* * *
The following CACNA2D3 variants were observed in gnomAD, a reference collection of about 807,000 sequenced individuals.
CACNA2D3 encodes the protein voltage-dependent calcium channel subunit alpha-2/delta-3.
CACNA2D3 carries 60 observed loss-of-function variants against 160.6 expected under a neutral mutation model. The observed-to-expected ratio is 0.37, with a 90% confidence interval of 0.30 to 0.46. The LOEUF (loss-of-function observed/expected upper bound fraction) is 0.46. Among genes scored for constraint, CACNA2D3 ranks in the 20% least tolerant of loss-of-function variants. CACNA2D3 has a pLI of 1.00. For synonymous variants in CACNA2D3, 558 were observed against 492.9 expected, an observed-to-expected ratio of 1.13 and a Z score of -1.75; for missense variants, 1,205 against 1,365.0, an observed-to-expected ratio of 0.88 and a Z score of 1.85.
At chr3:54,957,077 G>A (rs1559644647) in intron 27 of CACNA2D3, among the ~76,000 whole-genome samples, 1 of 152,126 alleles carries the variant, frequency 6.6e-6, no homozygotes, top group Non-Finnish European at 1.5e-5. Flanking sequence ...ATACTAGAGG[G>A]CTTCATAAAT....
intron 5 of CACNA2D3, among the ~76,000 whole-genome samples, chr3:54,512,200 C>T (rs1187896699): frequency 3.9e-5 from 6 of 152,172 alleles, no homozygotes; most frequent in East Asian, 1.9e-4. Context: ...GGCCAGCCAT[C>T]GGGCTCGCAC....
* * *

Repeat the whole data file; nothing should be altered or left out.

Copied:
The following CACNA2D3 variants were observed in gnomAD, a reference collection of about 807,000 sequenced individuals.
CACNA2D3 encodes the protein voltage-dependent calcium channel subunit alpha-2/delta-3.
CACNA2D3 carries 60 observed loss-of-function variants against 160.6 expected under a neutral mutation model. The observed-to-expected ratio is 0.37, with a 90% confidence interval of 0.30 to 0.46. The LOEUF (loss-of-function observed/expected upper bound fraction) is 0.46. Among genes scored for constraint, CACNA2D3 ranks in the 20% least tolerant of loss-of-function variants. CACNA2D3 has a pLI of 1.00. For synonymous variants in CACNA2D3, 558 were observed against 492.9 expected, an observed-to-expected ratio of 1.13 and a Z score of -1.75; for missense variants, 1,205 against 1,365.0, an observed-to-expected ratio of 0.88 and a Z score of 1.85.
At chr3:54,957,077 G>A (rs1559644647) in intron 27 of CACNA2D3, among the ~76,000 whole-genome samples, 1 of 152,126 alleles carries the variant, frequency 6.6e-6, no homozygotes, top group Non-Finnish European at 1.5e-5. Flanking sequence ...ATACTAGAGG[G>A]CTTCATAAAT....
intron 5 of CACNA2D3, among the ~76,000 whole-genome samples, chr3:54,512,200 C>T (rs1187896699): frequency 3.9e-5 from 6 of 152,172 alleles, no homozygotes; most frequent in East Asian, 1.9e-4. Context: ...GGCCAGCCAT[C>T]GGGCTCGCAC....